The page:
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Nablus 2001 and Shimon Peres Print E-mail
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Israel received a very stern rebuke from Washington for the Nablus strike that killed eight Palestinians.

SHIMON PERES: We don’t have a policy to kill or punish anybody. The only policy we do have is when we don’t have choice in the domain of self-defense, and we have to defend our lives. Unfortunately two children were killed. It gave us much pain, because usually in that sort of operation measures are being take so no civilian will be hurt. To this very day we don’t understand what really happened. So this made the whole story controversial against our own wishes.  But in politics you have to choose between alternatives...Once [a suicide bomber] is on his way to an attack, nothing will stop him. You can’t threaten to kill him, because he is ready to be killed...The only chance to stop him is at his first station. Perhaps the problem with this policy is that it sentences people to death based on information from the army and intelligence sources, and not on evidence brought before a court? How can you bring them to court? Which court? They are not under our jurisdiction. The Palestinian Authority doesn’t exercise its right to arrest them. They let them go free. For the record, is this a policy that you support fully and unequivocally? It is not a policy, we don’t have any policy like it, and it is not a policy. We hope we shall not have to use it at all. There are exceptional occasions that we have to make it our choice, but to say this is a policy, no. To say that this is a system, no. We have heard from American officials both here and in the United States some reservations about Israel using American technology, mainly the high-profile American weapons in these targeted killings. To what extent has this been an issue? I don’t think there was any issue. There was a single occasion of using the F-16 [in retaliatory airstrikes against targets in the West Bank and Gaza in May] and that’s it. Helicopters can be bought all over the world, this is nothing special. The F-16 [fighter jet] was a very special exception, we don’t intend to do it in the future. We were very reluctant to do it, because again it was a case when we had a warning in two hours that a bomb will be exploded. I don’t suggest anybody should envy the choices we have to make. Made in the USA, Used in The West Bank and Gaza For those who know your position as head of the peace movement, your partnership with Prime Minister Ariel Sharon is quite difficult to understand. What is your justification for going into this government? If you will take the record of the five months in this government, it has accepted the Mitchell report [the peace blueprint brokered by former U.S. Sen. George Mitchell in its totality. I am not sure if [this would happen in] a one-party government. It has decided on a unilateral cease-fire. It has decided to act with restraint in the face of the most provocative provocation....I feel myself bring an end to blood, to fire and to hatred. I could either have remained in the opposition and delivered speeches, or I could have tried to join in a order to achieve a policy which I believe is the right one, and that is my choice. The polls also show that if you run with Sharon today, you would win. My purpose is not to win, my purpose is a policy and not a position. I feel that I am not looking for party gains, I am not a contender and not a competitor and I am not a post seeker. Is that one reason that you feel comfortable serving with Sharon—someone with whom you have had your differences? Our differences remain and we have to air them out all the time. We disagree and we argue and we try to reach a responsible agreement or compromise. I didn’t divorce my views, I didn’t change them, I didn’t even promise that I will not fight for them—on the contrary. It seems there is a nice chemistry between the two of you—better than your chemistry with previous prime ministers. We [have known] each other 53 years. I remember Sharon as a young officer that I brought before [first Israeli Prime Minister David] Ben Gurion. Sharon was an impressive young officer... Since then on many occasions we did not agree, even until this day. But personally we try very much to avoid to making it into a personal jealousy or vendetta. Do the two of you find yourselves talking wistfully and nostalgically about the old days? No. I think, myself, nostalgically about the future, not about the past. Israel: Uneasy Hawk Do you have the authority to restrain the Prime Minister or the cabinet the next time there is a big bombing and there is an overwhelming push in the cabinet to strike back? The only weapon I have is reason....I don’t have a majority [in the government] and I am not a superman, I am only trying to explain what I believe is best of the country. Is there a point where you would say, ‘I no longer can be a part of this government?’ The minute that I shall see that there is no more hope for peace. This government has been around for five months. What is its biggest accomplishment so far and what is a key mistake that the government has made? Mistakes I shall leave to the opposition. Why should I do their job? I think the acceptance of the Mitchell report was a big accomplishment. Let us in a little bit on your discussion with the Prime Minister about the Mitchell report. There have been reports that the Prime Minister said a few weeks before it was presented, that it posed a grave danger to Israel. I am not going to enter into any of the deliberations that took place...Deep in my heart, I believe the policy we introduced about settlements is in a way, if somebody would think about it five months ago, they would think it is impossible. But quietly what was done, is: we don’t establish new settlements, we don’t confiscate land to extend existing settlements. We agreed to freeze all buildings in existing settlements outside the already-built place. Every building in the built place requires the approval of the Minister of Defense. We have dismantled the illegal settlements. Would you say this is a stricter anti-settlement policy than the previous government had? Yes, 100 percent. Why doesn’t Yasir Arafat perceive it in that way? I don’t know. But the answer is that he is mistaken, he is also capable of making mistakes—as he did in Camp David. He has made a lot of mistakes. Many people say this government is fairly popular because they feel that Israel has tried the younger leaders, the digital leaders, and they want to go back to older, more experienced leaders. Your view? To be old is not a particular advantage. Notwithstanding the burden of this office and the difficult times that the country is experiencing now, do you enjoy this job? Like one enjoys a nightclub, no sir. But if you ask me if I feel right with myself, yes. I feel I have had to do it. It is my obligation and finally you know, contributing gives you more pleasure than collecting. There were some rumors in the Israeli press awhile ago that things were going so well with you and Sharon—and that you were so popular—that you might run together for office. Will you? I am not running for office. This month I am going to be 78, and at this age you are no longer enchanted by offices or positions. You know how empty it is or unimportant it is. Fight for causes, never fight for offices. Has Sharon tried to persuade you to change your mind and run with him? He tried to. I told him [it was] in vain. Tell us more. He said jokingly, “we can run together.” There was a poll that showed the two of you getting 60 seats and redrawing Israel’s political map. Polls are like perfume, nice to smell and dangerous to drink. I don’t drink perfume. © 2001 Newsweek, Inc.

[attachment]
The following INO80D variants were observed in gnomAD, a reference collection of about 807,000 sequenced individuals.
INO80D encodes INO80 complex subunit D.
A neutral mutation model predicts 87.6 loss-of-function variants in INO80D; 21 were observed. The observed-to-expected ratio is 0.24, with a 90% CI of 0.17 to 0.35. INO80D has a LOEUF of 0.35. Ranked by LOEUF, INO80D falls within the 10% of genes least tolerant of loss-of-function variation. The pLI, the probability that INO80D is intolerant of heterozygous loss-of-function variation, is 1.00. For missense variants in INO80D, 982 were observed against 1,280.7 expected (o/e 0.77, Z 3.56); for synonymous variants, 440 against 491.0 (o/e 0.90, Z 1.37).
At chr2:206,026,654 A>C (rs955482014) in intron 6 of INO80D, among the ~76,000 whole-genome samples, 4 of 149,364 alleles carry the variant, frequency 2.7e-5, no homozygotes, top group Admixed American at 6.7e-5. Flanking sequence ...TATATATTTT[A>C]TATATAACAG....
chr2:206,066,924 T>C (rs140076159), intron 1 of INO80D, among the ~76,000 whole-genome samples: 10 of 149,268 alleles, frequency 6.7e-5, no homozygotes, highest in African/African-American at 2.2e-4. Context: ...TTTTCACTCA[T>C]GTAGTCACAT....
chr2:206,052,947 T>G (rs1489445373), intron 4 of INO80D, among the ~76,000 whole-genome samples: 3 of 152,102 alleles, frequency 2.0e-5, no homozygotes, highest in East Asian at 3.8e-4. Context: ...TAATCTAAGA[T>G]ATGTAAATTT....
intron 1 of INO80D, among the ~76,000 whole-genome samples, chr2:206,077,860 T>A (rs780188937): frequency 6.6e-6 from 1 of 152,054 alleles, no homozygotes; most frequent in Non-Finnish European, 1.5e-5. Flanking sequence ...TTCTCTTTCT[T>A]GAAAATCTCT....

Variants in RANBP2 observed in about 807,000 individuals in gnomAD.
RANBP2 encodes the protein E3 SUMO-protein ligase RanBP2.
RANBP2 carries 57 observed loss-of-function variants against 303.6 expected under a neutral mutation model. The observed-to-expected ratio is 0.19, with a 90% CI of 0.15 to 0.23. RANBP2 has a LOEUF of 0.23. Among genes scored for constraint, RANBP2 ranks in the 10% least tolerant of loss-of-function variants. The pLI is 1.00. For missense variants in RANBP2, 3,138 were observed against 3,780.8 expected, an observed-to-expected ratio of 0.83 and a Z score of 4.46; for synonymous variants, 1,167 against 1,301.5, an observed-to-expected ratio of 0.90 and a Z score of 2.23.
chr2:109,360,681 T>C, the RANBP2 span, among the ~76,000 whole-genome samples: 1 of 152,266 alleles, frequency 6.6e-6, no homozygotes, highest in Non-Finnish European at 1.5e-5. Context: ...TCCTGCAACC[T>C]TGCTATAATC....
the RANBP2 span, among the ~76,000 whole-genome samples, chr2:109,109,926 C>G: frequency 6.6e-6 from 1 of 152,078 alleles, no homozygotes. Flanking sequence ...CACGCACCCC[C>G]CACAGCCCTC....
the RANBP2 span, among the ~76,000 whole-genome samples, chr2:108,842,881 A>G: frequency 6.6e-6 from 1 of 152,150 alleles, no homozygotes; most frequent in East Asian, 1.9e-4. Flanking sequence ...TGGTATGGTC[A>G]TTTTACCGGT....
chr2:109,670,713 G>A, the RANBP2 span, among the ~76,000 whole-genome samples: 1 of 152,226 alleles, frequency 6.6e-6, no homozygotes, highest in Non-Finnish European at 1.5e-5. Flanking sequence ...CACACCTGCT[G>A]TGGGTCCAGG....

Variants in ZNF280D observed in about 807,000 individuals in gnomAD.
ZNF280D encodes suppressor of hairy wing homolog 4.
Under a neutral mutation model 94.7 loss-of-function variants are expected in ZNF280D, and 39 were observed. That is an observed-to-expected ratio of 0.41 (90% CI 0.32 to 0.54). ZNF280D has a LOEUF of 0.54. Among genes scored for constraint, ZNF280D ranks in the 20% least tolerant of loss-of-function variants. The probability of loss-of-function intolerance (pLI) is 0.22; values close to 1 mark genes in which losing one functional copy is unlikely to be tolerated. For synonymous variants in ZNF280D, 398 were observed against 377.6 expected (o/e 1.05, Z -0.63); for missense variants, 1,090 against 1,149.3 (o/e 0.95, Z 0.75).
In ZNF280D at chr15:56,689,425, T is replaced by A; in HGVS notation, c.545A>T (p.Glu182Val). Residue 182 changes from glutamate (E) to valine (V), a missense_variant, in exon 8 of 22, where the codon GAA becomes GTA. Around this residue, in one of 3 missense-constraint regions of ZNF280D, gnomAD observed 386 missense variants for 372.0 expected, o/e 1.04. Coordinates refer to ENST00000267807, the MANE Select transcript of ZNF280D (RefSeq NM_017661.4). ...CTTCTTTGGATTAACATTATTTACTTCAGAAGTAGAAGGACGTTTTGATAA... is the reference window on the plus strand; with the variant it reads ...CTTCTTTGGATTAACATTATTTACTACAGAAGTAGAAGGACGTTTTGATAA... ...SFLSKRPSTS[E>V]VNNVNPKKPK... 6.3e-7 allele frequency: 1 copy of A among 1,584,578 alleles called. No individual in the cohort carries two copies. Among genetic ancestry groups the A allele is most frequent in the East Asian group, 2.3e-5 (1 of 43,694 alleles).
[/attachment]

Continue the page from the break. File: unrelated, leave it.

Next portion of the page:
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This is Keith Richardson's alternative news site. The site aims to promote Truth, Justice, a green clean healthy environment and a wildlife friendly world. It is currently focused on Foreign News and particularly the Middle East.